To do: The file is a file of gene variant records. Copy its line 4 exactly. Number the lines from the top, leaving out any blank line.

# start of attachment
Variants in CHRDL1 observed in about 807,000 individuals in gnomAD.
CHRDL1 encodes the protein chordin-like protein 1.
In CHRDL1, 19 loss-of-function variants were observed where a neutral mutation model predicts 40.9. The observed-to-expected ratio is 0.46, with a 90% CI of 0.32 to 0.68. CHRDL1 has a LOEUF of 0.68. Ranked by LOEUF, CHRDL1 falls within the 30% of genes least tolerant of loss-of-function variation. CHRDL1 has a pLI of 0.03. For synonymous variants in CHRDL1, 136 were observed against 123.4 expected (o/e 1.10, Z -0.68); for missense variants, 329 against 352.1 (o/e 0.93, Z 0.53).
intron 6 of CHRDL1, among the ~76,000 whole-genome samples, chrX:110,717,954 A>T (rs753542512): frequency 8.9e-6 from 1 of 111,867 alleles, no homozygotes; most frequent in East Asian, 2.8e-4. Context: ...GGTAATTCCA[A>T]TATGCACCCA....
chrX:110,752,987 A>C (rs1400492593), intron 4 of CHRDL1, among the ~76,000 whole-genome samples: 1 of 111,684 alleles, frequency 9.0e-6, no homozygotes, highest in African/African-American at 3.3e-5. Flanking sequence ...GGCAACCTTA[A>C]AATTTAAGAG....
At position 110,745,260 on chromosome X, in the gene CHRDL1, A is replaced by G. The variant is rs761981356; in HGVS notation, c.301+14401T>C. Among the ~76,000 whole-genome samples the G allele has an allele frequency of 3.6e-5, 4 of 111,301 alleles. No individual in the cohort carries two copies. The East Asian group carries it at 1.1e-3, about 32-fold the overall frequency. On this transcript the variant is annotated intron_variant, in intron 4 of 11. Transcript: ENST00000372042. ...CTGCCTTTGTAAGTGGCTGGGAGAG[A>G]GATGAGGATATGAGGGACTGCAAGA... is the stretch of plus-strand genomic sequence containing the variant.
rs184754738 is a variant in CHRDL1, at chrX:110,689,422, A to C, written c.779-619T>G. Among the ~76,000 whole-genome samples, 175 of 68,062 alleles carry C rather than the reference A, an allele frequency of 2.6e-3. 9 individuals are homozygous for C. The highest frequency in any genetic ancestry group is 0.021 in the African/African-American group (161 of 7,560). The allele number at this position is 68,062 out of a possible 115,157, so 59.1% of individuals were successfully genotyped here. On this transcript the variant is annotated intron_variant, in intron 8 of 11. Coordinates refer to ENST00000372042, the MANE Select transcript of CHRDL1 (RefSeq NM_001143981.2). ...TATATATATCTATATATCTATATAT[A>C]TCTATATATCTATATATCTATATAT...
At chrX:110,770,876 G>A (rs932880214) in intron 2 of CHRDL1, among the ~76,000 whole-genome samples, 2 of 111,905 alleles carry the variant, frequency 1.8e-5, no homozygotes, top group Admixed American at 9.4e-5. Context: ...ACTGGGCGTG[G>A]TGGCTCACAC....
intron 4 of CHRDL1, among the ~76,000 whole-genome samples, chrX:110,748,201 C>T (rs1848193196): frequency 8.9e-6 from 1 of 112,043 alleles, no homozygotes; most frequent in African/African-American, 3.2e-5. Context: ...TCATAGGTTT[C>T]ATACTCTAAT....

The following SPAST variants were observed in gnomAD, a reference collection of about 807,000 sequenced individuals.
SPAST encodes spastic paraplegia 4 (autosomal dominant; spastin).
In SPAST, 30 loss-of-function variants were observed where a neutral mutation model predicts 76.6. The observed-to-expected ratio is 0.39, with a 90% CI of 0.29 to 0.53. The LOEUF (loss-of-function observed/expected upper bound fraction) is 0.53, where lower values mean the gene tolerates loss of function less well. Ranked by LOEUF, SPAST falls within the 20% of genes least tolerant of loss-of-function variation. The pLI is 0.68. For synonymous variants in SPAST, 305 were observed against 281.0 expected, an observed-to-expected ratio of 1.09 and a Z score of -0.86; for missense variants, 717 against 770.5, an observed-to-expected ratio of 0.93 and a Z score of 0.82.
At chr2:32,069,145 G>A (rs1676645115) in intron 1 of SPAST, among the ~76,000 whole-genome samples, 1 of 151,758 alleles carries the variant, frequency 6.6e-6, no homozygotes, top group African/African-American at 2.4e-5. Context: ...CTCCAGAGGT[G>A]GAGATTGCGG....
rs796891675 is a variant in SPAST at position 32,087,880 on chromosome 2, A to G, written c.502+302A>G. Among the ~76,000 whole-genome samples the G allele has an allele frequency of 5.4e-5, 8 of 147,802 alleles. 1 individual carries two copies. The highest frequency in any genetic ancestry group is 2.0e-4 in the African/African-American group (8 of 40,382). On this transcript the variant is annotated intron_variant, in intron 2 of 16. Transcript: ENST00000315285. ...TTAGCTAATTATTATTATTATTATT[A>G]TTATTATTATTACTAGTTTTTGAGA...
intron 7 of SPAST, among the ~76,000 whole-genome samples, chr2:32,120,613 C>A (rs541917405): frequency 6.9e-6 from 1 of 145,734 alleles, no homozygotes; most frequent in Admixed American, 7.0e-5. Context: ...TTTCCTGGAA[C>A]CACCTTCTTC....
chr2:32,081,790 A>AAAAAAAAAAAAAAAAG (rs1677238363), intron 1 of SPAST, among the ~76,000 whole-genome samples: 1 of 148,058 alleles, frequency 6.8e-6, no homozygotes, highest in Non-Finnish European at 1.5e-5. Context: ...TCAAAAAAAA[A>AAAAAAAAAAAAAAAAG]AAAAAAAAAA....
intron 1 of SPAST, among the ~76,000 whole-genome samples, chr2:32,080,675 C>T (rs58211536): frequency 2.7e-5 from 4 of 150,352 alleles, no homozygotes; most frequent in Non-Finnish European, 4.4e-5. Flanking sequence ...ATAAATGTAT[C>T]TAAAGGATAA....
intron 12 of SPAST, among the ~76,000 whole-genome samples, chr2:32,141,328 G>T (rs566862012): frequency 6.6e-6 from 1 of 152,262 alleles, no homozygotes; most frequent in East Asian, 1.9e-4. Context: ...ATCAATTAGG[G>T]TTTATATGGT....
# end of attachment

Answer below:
intron 6 of CHRDL1, among the ~76,000 whole-genome samples, chrX:110,717,954 A>T (rs753542512): frequency 8.9e-6 from 1 of 111,867 alleles, no homozygotes; most frequent in East Asian, 2.8e-4. Context: ...GGTAATTCCA[A>T]TATGCACCCA....